NASHVILLE, Tenn. — An El Nino is expected to arrive this spring, bringing good growing conditions to the Western Hemisphere but doom for drought-ravaged Australia.
The weather phenomenon, which is caused by warm ocean water, should deliver much needed rain to the southwestern United States and good growing conditions for the U.S. Plains, said climatologist Art Douglas of Creighton University in Nebraska.
“El Nino is coming,” he told a market outlook session held during last week’s National Cattlemen’s Beef Association conference in Nashville.
Sea surface temperatures in the Pacific Ocean are warming quickly, which signals the beginning of an El Nino. Warmer water alters the path of jet streams that move weather around the world.
“There is a tremendous amount of energy, and that is a good setup for an El Nino,” he said Feb. 5.
“It is going to come quick, and it is going to come by the summer.”
Most of the grain growing regions of the U.S. will have near ideal growing conditions with good moisture in the spring and a warm summer. There should also be fewer hurricanes.
Temperatures in most of Canada tend to be warmer and drier during the winter of an El Nino.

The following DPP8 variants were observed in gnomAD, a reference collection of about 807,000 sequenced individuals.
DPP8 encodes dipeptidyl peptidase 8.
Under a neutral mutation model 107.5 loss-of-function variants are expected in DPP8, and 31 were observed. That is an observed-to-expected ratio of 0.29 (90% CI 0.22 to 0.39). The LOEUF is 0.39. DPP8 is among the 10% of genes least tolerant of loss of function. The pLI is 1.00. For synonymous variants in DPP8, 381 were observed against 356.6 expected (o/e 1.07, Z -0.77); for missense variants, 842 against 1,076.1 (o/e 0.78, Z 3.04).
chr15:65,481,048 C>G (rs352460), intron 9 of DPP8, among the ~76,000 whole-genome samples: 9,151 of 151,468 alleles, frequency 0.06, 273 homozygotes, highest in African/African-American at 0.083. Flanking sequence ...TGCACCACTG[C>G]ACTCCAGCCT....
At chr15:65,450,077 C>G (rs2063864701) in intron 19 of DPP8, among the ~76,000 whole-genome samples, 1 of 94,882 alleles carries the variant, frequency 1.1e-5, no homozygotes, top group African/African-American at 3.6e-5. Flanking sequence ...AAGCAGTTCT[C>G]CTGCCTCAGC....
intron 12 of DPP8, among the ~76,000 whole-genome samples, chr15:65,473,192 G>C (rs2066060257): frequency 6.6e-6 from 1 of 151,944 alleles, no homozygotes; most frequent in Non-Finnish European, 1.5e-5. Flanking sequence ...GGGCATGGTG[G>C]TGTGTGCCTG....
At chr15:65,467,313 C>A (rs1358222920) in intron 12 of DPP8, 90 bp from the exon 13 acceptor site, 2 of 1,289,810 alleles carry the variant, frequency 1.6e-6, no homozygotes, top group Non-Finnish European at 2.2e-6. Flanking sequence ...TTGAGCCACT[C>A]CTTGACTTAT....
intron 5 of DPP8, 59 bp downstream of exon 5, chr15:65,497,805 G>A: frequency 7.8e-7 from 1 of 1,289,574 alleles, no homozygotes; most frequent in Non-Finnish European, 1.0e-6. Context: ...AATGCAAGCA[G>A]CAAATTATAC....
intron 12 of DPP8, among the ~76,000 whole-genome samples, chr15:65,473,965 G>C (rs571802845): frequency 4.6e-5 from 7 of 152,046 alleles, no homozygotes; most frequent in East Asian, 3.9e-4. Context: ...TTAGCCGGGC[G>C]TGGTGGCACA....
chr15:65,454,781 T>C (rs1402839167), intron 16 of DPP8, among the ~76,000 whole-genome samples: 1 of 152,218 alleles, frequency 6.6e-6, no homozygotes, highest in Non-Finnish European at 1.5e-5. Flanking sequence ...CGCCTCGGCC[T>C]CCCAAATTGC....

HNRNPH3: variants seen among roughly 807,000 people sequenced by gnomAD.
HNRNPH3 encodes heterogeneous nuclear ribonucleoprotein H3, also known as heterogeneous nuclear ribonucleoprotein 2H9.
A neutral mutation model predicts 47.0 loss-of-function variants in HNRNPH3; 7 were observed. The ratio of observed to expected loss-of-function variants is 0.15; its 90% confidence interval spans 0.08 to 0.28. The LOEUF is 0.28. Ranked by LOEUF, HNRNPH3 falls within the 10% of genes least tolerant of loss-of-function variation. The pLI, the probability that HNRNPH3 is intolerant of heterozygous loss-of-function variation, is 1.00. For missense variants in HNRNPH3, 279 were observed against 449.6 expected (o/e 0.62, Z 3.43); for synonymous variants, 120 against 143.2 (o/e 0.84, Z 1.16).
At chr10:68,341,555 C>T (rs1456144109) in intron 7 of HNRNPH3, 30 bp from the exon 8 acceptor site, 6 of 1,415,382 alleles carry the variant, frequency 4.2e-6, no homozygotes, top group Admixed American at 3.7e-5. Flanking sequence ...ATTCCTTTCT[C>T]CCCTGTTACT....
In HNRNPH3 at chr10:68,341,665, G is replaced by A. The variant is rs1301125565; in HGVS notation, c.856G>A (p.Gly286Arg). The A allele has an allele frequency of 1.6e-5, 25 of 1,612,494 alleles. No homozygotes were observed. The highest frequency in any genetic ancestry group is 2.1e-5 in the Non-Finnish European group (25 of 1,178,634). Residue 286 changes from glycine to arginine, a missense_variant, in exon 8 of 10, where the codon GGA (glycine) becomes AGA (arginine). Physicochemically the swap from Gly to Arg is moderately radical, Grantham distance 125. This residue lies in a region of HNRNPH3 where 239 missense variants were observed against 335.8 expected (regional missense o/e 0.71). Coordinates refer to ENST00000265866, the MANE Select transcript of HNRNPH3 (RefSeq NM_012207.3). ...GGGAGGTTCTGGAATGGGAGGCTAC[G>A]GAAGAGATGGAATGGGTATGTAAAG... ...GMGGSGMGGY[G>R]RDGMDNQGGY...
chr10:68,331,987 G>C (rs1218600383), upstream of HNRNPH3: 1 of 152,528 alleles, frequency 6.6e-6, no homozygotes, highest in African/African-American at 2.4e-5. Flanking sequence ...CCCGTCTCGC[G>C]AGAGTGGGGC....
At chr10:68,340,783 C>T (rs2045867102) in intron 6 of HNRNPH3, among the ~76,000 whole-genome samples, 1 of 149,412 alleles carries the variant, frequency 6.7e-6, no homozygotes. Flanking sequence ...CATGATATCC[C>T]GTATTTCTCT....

The Palmer drought index for the U.S. shows dry areas are shrinking, but significantly arid conditions continue in the southwest with California suffering the worst. However, California received 75 millimetres of rain the day after Douglas delivered his annual forecast.
This year’s El Nino should also relieve drought in Argentina but reverse rainfall patterns and leave Brazil drier than normal.
As well, it will dry out Australia starting by July. The continent is already suffering under a burdensome drought that has forced one of the largest cow culls in three decades because of the lack of pasture.
South Asia will be wetter than normal, but west-central India and northern China could dry up starting by July. Both have had ideal winter wheat growing conditions.